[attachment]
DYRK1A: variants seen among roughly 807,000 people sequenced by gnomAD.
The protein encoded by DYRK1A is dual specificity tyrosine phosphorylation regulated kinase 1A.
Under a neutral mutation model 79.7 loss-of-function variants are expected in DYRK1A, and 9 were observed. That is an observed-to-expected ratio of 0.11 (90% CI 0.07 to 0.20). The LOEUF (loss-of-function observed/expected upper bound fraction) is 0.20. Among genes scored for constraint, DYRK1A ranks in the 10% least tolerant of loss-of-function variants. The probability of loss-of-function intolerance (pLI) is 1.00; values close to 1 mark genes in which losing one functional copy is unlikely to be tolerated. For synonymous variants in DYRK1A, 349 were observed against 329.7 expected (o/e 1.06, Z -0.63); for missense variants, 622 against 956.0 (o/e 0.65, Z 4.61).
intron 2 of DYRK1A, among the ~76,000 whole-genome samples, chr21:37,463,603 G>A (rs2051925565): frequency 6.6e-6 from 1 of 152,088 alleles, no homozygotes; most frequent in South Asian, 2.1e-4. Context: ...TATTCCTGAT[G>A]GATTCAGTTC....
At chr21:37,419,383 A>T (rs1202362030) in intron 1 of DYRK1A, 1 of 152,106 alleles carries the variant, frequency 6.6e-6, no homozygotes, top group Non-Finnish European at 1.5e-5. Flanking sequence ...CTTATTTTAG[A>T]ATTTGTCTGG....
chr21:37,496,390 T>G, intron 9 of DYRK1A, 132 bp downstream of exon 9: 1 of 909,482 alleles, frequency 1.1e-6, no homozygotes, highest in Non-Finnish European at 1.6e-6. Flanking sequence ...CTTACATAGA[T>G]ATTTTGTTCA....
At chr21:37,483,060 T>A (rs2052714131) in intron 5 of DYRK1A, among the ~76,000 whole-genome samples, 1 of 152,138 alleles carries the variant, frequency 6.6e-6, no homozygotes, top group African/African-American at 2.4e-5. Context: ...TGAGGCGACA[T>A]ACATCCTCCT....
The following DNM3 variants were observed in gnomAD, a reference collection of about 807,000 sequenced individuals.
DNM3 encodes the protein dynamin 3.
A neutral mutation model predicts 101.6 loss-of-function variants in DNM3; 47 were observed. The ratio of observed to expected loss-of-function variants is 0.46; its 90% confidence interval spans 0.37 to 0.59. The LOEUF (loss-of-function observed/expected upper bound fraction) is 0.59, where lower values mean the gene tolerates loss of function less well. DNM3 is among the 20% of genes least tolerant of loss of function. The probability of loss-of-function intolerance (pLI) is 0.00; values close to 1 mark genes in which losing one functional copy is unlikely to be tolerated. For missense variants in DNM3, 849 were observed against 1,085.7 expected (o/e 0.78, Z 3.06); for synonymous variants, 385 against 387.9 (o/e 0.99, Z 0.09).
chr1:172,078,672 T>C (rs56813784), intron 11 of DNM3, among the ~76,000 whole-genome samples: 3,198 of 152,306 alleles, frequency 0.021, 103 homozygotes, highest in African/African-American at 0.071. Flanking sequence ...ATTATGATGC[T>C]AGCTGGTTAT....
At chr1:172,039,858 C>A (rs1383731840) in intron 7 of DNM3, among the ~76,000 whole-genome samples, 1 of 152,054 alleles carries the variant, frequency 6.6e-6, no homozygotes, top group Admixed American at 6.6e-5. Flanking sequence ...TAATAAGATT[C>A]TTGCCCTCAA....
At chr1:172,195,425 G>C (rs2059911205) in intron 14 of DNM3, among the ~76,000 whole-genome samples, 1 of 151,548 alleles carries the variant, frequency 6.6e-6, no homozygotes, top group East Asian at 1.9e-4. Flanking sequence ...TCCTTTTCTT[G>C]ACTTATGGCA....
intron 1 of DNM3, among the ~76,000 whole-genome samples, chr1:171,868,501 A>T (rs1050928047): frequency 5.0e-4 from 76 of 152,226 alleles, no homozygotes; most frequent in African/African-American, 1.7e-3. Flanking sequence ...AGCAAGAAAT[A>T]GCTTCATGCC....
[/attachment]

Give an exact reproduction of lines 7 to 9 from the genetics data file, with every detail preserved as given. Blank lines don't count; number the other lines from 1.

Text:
At chr21:37,483,060 T>A (rs2052714131) in intron 5 of DYRK1A, among the ~76,000 whole-genome samples, 1 of 152,138 alleles carries the variant, frequency 6.6e-6, no homozygotes, top group African/African-American at 2.4e-5. Context: ...TGAGGCGACA[T>A]ACATCCTCCT....
The following DNM3 variants were observed in gnomAD, a reference collection of about 807,000 sequenced individuals.
DNM3 encodes the protein dynamin 3.